How old is the water heater in your home? If it’s approaching its 10th birthday, the average life expectancy for a water heater, or is older than that, don’t wait any longer to begin planning its replacement.
It’s best to avoid waiting for your water heater to break before finding a replacement. Otherwise, you’ll have to deal with a costly cleanup and rush to select a new one. By planning ahead and researching your options, you can feel confident in your choice.
It’s essential to consider the impact of a new water heater on your home’s energy costs when doing your research. Opting for a propane water heater over an electric one can lead to greater long-term savings.
Did you know that water heating comprises around 20% of your home’s energy costs, ranking second only after heating and cooling? However, choosing the right water heater can result in significant savings.
When you’re deciding between a propane or electric water heater, consider these points.
Energy factor – You can use the Energy Factor of a water heater to compare the energy efficiency of two different models. The higher the score, the more efficient it is. This metric provides significant insights into a unit’s overall operating cost when compared to other types of appliances.
The Energy Factor number is obtained from a test developed by the U.S. Department of Energy, which takes into account not only the heat loss within the heater and its plumbing, but also how much heat it can send to the water in its tank. The Energy Factor of a propane water heater is often in the range of .5 to .65, whereas electric water heaters have an Energy Factor of around .9.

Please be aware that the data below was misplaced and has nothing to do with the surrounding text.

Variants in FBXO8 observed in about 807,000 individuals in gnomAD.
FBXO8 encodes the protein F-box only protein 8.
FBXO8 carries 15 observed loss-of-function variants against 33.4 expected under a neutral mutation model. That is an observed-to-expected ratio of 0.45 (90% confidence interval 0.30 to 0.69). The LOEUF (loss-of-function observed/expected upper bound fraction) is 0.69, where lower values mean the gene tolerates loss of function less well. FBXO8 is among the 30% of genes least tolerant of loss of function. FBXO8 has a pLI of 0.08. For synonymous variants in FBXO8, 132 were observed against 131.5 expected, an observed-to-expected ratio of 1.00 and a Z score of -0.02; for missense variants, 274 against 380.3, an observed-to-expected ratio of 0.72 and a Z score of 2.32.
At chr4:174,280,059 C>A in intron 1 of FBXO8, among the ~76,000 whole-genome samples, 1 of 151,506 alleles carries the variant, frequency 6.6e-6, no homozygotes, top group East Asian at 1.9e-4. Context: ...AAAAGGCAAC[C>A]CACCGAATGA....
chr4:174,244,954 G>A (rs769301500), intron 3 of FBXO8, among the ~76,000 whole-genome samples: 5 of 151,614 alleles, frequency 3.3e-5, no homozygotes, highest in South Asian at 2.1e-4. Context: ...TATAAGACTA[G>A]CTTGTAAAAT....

While the Energy Factor is a helpful metric for calculating a heater’s operating cost, it does not consider the cost of fuel or electricity. Therefore, while the Energy Factor can provide a rough estimate of the operating expenses for your water heater, it is insufficient for obtaining an accurate cost estimate.
Recovery efficiency – The Energy Factor (EF) is a measure used to determine the speed at which a heater can heat water. Generally speaking, propane-powered models have a higher recovery efficiency than electric models. This means that less hot water needs to be kept in storage in order to meet demand. As a result, you may be able to use a smaller tank with propane than you would with an electric model. A smaller tank size will require less energy to maintain a large volume of hot water, which will result in lower operating costs in the long run.
The recovery efficiency determines how long it takes for a tank of water to reheat. Propane has a higher recovery efficiency, which means you won’t have to wait as long between showers. Also, with a propane tankless water heater, you’ll have access to an unlimited supply of hot water whenever you need it, so no more waiting!
Fuel and energy costs – Even though electric water heaters are more efficient, propane water heaters cost less to operate because electricity is more expensive.
You can compare for yourself using the Department of Energy’s simple form that calculates operating costs for water heaters.
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